What I learned from writing using Crowdsourcing
March 25, 2015
by LIOR ZOREF @lior
A few days ago, I had the opportunity to host Singularity University’s conference in Tel-Aviv.
After speaking briefly about Mindsharing, someone from the audience asked me, “how is writing a book using crowdsourcing different than traditional writing?”
Here are four insights I gained after spending almost 3 years in writing a book with thousands of people who took part in this crowdsourced effort.
1. Extensive research
Research is a key part of developing an idea. With so many information sources such as published research papers, book and press articles, research is a time consuming and challenging.
While sharing the different chapters in Mindsharing with my crowd, many people volunteered to help me do better research.
They have sent me dozen of relevant articles, books and links to YouTube talks from other researcher and authors. This is how I learned about the strength of weak ties, the science behind how our brain is wired for connections, social production and many other ideas that I reference in the book.
Crowdsourcing helped make Mindsharing a solid idea based on the ideas of leading researchers while taking them one-step further.
2. No writer’s block
Any author knows what writer’s block is. It is when an author loses the ability to be productive and write.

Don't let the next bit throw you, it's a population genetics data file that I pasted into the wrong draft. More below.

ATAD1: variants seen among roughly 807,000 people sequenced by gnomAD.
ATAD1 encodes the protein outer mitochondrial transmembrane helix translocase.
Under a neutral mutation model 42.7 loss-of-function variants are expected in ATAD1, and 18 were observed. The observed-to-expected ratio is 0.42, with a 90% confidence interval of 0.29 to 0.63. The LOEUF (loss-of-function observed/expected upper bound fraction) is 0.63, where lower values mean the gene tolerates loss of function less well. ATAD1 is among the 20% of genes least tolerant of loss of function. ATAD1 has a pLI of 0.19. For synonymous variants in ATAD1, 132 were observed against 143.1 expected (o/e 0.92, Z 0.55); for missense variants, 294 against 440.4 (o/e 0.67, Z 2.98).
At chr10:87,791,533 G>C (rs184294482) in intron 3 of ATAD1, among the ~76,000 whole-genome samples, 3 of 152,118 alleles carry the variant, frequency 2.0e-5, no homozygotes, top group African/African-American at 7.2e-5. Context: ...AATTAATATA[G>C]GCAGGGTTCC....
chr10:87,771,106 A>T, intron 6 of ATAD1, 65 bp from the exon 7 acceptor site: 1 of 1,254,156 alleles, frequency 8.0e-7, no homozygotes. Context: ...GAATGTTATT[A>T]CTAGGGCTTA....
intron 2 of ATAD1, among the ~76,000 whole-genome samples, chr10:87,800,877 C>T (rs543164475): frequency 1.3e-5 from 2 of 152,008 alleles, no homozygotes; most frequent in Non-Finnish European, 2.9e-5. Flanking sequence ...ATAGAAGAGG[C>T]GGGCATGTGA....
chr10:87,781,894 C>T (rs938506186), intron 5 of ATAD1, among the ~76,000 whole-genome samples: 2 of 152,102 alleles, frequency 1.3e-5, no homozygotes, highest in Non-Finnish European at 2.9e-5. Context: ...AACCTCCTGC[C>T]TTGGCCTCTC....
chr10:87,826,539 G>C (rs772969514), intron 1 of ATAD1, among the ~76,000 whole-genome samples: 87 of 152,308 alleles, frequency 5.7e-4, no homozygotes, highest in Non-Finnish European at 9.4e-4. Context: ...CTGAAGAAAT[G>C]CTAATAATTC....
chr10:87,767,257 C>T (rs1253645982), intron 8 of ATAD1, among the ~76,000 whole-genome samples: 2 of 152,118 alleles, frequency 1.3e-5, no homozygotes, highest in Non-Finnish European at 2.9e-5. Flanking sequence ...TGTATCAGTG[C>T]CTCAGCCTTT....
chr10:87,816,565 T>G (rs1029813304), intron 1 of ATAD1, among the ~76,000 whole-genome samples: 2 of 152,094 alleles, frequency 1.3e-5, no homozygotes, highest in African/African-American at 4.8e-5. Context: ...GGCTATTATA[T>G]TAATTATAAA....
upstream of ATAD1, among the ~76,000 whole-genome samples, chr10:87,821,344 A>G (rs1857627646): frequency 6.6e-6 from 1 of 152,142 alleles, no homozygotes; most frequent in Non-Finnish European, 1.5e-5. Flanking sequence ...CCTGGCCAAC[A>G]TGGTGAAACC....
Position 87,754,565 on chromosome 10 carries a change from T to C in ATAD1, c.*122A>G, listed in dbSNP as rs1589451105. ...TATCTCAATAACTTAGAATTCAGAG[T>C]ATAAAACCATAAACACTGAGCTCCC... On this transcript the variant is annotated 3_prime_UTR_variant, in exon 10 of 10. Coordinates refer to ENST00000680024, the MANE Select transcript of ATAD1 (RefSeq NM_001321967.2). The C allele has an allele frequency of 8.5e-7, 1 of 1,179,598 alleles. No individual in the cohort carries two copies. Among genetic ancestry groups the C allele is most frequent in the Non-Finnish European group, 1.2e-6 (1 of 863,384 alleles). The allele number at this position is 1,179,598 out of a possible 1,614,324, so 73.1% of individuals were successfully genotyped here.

The first time it happened to me, I was scared. What if I’ll miss my deadline? What if I’ve lost my ability to write?
I shared this feeling with my crowd and the crowd came back sharing with their empathy and many ideas on how to cope with a writer’s block.
As a result, I left my office and started to write outside while visiting inspiring places and meeting inspiring people.
Tel-Aviv’s beautiful beaches and colorful sunsets became my favorite settings for creativity and writing.
3. Real-time feedback
“Feedback is breakfast of champions”, Ken Blanchard.
Using crowdsourcing while writing means constant feedback in real time. Whenever I share a new idea, a new chapter or any dilemma, I get immediate feedback.
Over the months and years of writing, I’ve became addicted to this feedback. Feedback is food for constant challenge and improvement.
It makes the author more committed to the readers as they constantly push him to do better work.
4. Being confident
This is probably my biggest insight.
I cannot imagine how authors wait until their book is published to learn how people react to their work.
The writing process can take many months and years in which they remain clueless what the people will think about their work.
Using crowdsourcing I found myself surrounded by people who told me they appreciate what I do, they find it useful and inspiring.
I received phone calls and emails from people I never met (weak ties) after they’ve read and commented on a chapter I shared. Many of them were emotional and enthusiastic about what they have read.
I knew people find value in Mindsharing long before I finished writing it. I knew it touches people’s lives in a profound way.
There’s no better feeling an author can get and crowdsourcing allowed me to feel this while and not after writing the book.
Crowdsourcing takes time. It makes the writing process more complicated adding many new steps (as I describe in the book).
For me it was worth the effort.
I’ll never write alone.